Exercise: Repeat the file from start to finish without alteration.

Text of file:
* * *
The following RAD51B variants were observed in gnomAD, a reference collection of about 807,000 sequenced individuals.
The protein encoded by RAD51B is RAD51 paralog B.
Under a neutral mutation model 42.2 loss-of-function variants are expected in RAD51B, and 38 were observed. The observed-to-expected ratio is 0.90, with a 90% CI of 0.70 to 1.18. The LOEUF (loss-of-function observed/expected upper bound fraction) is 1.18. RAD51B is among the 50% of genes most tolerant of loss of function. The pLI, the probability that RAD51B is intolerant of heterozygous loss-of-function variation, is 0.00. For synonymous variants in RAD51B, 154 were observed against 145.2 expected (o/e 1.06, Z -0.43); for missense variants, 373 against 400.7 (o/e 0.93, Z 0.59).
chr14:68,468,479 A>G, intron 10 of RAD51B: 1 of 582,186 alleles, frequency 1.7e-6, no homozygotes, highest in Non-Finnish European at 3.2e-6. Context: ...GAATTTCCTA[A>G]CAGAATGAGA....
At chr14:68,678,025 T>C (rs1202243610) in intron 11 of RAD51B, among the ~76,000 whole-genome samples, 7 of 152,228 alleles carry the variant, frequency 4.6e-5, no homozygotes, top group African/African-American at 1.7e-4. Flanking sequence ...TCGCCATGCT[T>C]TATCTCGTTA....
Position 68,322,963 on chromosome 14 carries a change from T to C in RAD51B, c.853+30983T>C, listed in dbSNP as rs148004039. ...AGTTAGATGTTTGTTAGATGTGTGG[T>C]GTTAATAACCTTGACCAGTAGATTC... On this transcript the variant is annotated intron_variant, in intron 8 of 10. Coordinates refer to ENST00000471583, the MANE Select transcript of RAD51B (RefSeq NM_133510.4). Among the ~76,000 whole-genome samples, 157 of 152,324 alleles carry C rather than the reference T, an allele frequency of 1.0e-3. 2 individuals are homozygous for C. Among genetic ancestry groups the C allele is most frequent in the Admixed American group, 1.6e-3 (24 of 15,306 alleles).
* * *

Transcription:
The following RAD51B variants were observed in gnomAD, a reference collection of about 807,000 sequenced individuals.
The protein encoded by RAD51B is RAD51 paralog B.
Under a neutral mutation model 42.2 loss-of-function variants are expected in RAD51B, and 38 were observed. The observed-to-expected ratio is 0.90, with a 90% CI of 0.70 to 1.18. The LOEUF (loss-of-function observed/expected upper bound fraction) is 1.18. RAD51B is among the 50% of genes most tolerant of loss of function. The pLI, the probability that RAD51B is intolerant of heterozygous loss-of-function variation, is 0.00. For synonymous variants in RAD51B, 154 were observed against 145.2 expected (o/e 1.06, Z -0.43); for missense variants, 373 against 400.7 (o/e 0.93, Z 0.59).
chr14:68,468,479 A>G, intron 10 of RAD51B: 1 of 582,186 alleles, frequency 1.7e-6, no homozygotes, highest in Non-Finnish European at 3.2e-6. Context: ...GAATTTCCTA[A>G]CAGAATGAGA....
At chr14:68,678,025 T>C (rs1202243610) in intron 11 of RAD51B, among the ~76,000 whole-genome samples, 7 of 152,228 alleles carry the variant, frequency 4.6e-5, no homozygotes, top group African/African-American at 1.7e-4. Flanking sequence ...TCGCCATGCT[T>C]TATCTCGTTA....
Position 68,322,963 on chromosome 14 carries a change from T to C in RAD51B, c.853+30983T>C, listed in dbSNP as rs148004039. ...AGTTAGATGTTTGTTAGATGTGTGG[T>C]GTTAATAACCTTGACCAGTAGATTC... On this transcript the variant is annotated intron_variant, in intron 8 of 10. Coordinates refer to ENST00000471583, the MANE Select transcript of RAD51B (RefSeq NM_133510.4). Among the ~76,000 whole-genome samples, 157 of 152,324 alleles carry C rather than the reference T, an allele frequency of 1.0e-3. 2 individuals are homozygous for C. Among genetic ancestry groups the C allele is most frequent in the Admixed American group, 1.6e-3 (24 of 15,306 alleles).